About this artwork
A rare work of art such as this female figurine, from a time and place far different from ours, may sometimes strike the eye in a way that brings to mind an almost familiar yet elusive sense of recognition as if an essential memory were already there, waiting to rise in the viewer’s imagination. Our approach to such objects can seldom rely on ancient written records. We must begin by looking at the works themselves: at their materials and modes of manufacture, and at shapes, colors, patterns, and symbols. Archaeological contexts can also offer vital information, and analogies may be drawn from the cultural records of later societies in which ancient customs and ways of perception have long persisted.
This sculptural effigy belongs to the sophisticated Chupícuaro artistic tradition, which was more concerned with symbolic abstraction than naturalistic anatomical proportion. The female figure stands in a formal frontal pose, the oversize head set with staring, lozenge-shaped eyes, the nose jutting forward above a receding chin, and the open mouth showing rows of teeth. Subtly concave in the middle, the trapezoidal torso abruptly swells in the bulbous hips, belly, and thighs. The face and body are covered by burnished, deep red slip, or liquid clay, which sets off a bold pattern of cream zigzag lines; more delicate designs were drawn across the cream-painted loins and thighs. There is an uncanny visual quality to the hieratic stance, stylized proportions, and brilliant designs, all of which reflect the ritual body paint that Chupícuaro women would have worn on high ceremonial occasions some two thousand years ago.
Located in Mexico’s central highlands, the principal archaeological site of Chupícuaro was on an island in the Lerma River that was submerged by the waters of a dam built in 1946 and 1947. In ancient times, trails along the riverbanks were traveled by lines of porters bearing colorful Chupícuaro pottery for trade with the growing metropolis of Teotihuacán, far to the east in the Valley of Mexico. Yet impressive Chupícuaro figures like this one were recovered from the now-inundated homeland burial grounds. It is likely that this and several known related figures commemorated a girl’s coming of age, embodying a perceived correspondence between the stages of human life and the earth’s annual cycle of birth, death, and renewal. As burial offerings, these effigies would have affirmed the matriarchal status of a high-ranking, mature, and productive member of society, recalling her initiation into womanhood and family life, and her active participation in seasonal rites devoted to securing the fertility of the soil, the abundance of crops, and the well being of the community from year to year.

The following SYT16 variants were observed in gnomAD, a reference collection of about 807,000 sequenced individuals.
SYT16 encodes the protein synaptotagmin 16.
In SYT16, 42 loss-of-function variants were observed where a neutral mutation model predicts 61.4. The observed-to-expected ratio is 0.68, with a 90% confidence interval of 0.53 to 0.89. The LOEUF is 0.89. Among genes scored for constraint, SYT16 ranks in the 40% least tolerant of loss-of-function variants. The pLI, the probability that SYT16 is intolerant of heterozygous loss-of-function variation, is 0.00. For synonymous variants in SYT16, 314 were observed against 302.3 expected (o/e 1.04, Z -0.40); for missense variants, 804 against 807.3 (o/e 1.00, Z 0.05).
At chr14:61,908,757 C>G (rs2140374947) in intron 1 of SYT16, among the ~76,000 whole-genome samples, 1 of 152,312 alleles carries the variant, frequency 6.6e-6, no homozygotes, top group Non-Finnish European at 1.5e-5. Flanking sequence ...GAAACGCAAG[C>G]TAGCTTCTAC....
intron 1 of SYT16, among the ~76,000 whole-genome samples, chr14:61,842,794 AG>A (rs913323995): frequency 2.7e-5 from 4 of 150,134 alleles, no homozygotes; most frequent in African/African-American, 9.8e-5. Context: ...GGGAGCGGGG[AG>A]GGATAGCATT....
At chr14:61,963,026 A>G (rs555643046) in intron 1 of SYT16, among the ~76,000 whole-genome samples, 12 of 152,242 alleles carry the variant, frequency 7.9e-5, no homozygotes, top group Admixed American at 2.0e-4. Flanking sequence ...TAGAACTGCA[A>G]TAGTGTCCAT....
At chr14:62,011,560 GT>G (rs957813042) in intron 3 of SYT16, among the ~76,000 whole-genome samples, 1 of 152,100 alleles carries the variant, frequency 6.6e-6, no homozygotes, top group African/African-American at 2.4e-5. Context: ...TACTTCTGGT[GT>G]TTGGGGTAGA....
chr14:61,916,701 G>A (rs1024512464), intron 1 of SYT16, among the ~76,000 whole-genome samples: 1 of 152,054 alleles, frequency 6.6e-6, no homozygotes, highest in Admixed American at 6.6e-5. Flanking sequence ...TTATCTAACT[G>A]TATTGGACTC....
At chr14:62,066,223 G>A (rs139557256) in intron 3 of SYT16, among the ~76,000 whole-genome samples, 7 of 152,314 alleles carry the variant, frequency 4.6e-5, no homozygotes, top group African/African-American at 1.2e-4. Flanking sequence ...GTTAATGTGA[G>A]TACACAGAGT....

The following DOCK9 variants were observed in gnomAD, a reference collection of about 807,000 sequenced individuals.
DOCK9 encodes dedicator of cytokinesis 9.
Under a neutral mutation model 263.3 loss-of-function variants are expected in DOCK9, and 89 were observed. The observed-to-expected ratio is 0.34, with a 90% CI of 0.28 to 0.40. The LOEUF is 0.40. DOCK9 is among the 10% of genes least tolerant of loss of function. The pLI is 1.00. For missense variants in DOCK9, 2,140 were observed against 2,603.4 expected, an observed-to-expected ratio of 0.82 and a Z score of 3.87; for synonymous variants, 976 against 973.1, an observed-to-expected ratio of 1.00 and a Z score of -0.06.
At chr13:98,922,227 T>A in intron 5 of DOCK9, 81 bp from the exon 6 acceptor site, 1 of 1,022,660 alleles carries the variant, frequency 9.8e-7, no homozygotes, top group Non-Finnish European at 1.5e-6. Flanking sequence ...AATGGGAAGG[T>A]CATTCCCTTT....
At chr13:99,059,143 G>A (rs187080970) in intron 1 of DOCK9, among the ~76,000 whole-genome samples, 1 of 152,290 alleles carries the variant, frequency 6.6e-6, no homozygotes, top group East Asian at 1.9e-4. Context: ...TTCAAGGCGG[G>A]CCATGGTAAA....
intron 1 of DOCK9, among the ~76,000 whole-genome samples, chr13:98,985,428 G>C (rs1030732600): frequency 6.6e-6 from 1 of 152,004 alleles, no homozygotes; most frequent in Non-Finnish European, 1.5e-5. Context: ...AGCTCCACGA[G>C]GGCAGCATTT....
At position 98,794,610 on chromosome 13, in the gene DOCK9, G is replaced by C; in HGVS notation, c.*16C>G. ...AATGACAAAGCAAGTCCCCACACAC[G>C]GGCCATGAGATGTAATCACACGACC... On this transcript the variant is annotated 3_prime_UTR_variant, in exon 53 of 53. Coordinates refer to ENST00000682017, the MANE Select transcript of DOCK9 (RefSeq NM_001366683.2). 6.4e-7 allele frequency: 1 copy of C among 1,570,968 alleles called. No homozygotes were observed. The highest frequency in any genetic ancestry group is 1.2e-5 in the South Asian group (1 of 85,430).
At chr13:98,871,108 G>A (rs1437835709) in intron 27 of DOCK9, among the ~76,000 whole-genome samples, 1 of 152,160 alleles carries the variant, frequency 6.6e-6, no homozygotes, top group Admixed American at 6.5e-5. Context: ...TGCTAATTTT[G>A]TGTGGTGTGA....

Currently Off View
- Arts of the Americas
- Female Figure with Bold, Geometric Face and Body Paint
- 200 BC–100 BC
- Terracotta and pigmented slip
- 44.8 × 20 × 8.7 cm (17 5/8 × 7 7/8 × 3 7/16 in.)
- Frederick W. Renshaw Acquisition Fund; restricted gift of Cynthia and Terry E. Perucca, Jamee and Marshall Field, and Helen and Sam Zell; Edward Johnson, Grant J. Pick Purchase, and Henry Horner Straus Memorial funds; restricted gift of Lynn and Allen Turner; African and Amerindian Curator’s Discretionary Fund